This one is long overdue and I apologize for the delay. Between airports, clients meetings and running workshops there is not much time left. This is the last of the series and next week we will conclude our masterclass. This week we will focus on global branding, I remember we did touch on this subject during week two and three, so we can now revisit this again.
While many consumer goods markets in the Europe and North America are stagnating, 65% of the world’s population is living in societies that are experiencing economic growth of 5% or more a year. While the baby boom occurred between 1945 and 1960 in the US, much of the rest of the world is still experiencing a baby boom that began in 1975. The average person has seen his or her standard of living double in the past 15 years, far surpassing that of the US or Western Europe. Put very simply, the majority of the growth potential in consumer markets exists outside of the US and Western Europoe.
Here's an excellent piece by John Quelch, Prof Quelch is the Senior Associate Dean and at Harvard Business School where he taught markeitng for decades. I remembered one time when he was lecturing he presented a marketing positioning diagram of the royal family members, it was hilarious. He is also the non-executive director of WPP Pepsi and a few other companies and has published probably half a dozen books on global marketing.
How To Build a Global Brand - by John Quelch
Ford has finally woken up to what Toyota knew a long time ago: the power of a single global brand. Over twenty years ago, Harvard professor Theodore Levitt praised Japanese manufacturers for their focus on "what every consumer in the world is seeking: world-class modernity at affordable prices." Either because they didn't understand regional differences in consumer preferences or out of self-confidence, Toyota, Nissan and Honda sold standard products under a single brand umbrella. For decades, Ford adapted its manufacturing platforms, features, and model names from one country to another. The results: added manufacturing and supply chain costs that strained consumers' willingness to pay; a balkanized bureaucracy in which regional managers exaggerate the need for local adaptations to defend their turf; and a deteriorating market share, financial performance and stock price. Ford was once one of the ten most valuable brands in the world. They’re no longer on that list, but Toyota now is. How did Toyota—and the other nine companies—do it? There are five characteristics that all top global brands have in common:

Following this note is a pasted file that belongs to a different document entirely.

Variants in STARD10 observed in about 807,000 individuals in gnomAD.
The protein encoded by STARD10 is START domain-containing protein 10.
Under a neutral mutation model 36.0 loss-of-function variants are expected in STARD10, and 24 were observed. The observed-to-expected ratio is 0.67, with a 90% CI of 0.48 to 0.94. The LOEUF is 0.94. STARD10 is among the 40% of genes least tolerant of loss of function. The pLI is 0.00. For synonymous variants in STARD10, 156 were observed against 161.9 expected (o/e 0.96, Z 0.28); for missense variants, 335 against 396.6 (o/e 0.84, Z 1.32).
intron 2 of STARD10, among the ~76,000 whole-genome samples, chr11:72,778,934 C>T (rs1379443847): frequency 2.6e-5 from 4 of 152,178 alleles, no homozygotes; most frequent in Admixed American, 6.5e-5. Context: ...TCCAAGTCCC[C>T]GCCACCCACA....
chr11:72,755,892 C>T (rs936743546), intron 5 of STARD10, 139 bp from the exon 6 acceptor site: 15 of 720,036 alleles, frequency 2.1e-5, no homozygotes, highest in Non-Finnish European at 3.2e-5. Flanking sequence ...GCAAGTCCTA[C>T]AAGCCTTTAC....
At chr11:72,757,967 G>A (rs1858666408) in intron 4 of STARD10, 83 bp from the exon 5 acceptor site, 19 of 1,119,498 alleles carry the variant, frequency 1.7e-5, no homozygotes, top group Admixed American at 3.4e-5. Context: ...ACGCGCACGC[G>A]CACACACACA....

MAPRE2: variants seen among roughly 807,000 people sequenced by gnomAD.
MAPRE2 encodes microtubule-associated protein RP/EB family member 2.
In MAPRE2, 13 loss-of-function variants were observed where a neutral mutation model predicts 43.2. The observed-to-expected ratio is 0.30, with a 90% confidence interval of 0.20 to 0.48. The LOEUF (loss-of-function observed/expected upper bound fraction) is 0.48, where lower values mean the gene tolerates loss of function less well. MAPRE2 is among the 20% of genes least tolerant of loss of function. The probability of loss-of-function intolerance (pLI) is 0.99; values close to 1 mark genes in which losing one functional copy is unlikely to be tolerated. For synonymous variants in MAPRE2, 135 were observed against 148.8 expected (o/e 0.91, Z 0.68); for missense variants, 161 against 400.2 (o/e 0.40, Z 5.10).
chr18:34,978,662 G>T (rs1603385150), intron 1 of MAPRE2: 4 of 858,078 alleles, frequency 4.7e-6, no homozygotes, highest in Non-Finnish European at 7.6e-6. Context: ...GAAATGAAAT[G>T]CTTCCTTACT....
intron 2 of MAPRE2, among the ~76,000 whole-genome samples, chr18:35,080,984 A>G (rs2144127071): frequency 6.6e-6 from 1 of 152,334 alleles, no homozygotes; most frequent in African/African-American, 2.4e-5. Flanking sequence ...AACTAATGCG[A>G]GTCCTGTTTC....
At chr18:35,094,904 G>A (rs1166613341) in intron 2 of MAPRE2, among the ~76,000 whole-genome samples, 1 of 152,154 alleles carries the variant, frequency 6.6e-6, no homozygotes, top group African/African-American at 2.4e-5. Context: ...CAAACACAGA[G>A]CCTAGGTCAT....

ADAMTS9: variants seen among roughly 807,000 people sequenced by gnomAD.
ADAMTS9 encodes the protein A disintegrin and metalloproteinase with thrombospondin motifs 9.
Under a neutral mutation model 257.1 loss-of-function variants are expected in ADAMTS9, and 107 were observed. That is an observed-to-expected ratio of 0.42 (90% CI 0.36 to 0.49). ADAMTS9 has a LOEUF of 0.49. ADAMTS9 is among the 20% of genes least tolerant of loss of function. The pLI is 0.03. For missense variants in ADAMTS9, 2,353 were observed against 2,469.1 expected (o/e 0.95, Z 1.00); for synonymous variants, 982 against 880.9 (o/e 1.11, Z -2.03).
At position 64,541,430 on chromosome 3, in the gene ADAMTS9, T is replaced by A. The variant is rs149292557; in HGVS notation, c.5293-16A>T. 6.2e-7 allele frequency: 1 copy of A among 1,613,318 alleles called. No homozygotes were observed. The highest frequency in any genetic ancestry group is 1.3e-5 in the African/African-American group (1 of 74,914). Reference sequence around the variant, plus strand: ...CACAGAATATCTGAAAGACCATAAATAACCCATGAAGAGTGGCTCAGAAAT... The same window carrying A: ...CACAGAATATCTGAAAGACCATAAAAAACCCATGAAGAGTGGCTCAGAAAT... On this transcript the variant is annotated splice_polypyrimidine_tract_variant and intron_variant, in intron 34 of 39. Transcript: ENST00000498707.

1. The same positioning worldwide. This provides a combination of functional product quality and innovation with emotional appeal. Think Coca-Cola and Disney.
2. A focus on a single product category. Think Nokia and Intel.
3. The company name is the brand name. All marketing dollars are concentrated on that one brand. Think GE and IBM.
4. Access to the global village. Consuming the brand equals membership in a global club. Think IBM's "solutions for a small planet."
5. Social responsibility. Consumers expect global brands to lead on corporate social responsibility, leveraging their technology to solve the world's problems. Think Nestle and clean water.
Ford has a proud history. Its name recognition is strong worldwide. The chairman is committed to the environment. Many consumers are no longer considering Fords when buying their new cars, but they are predisposed to giving Ford another chance. Fords worldwide should henceforth have a common look, feel and brand essence. Low volume management distractions including Jaguar, Land Rover and Volvo will be sold off; they’re now meaningless. US-based models like Mercury will be discontinued.Can Ford recover? The answer lies in whether the common vehicle platforms developed for the new strategy prove to be truly global in design or merely more of the same Detroit-centric product that have caused Ford's market shares around the world to erode.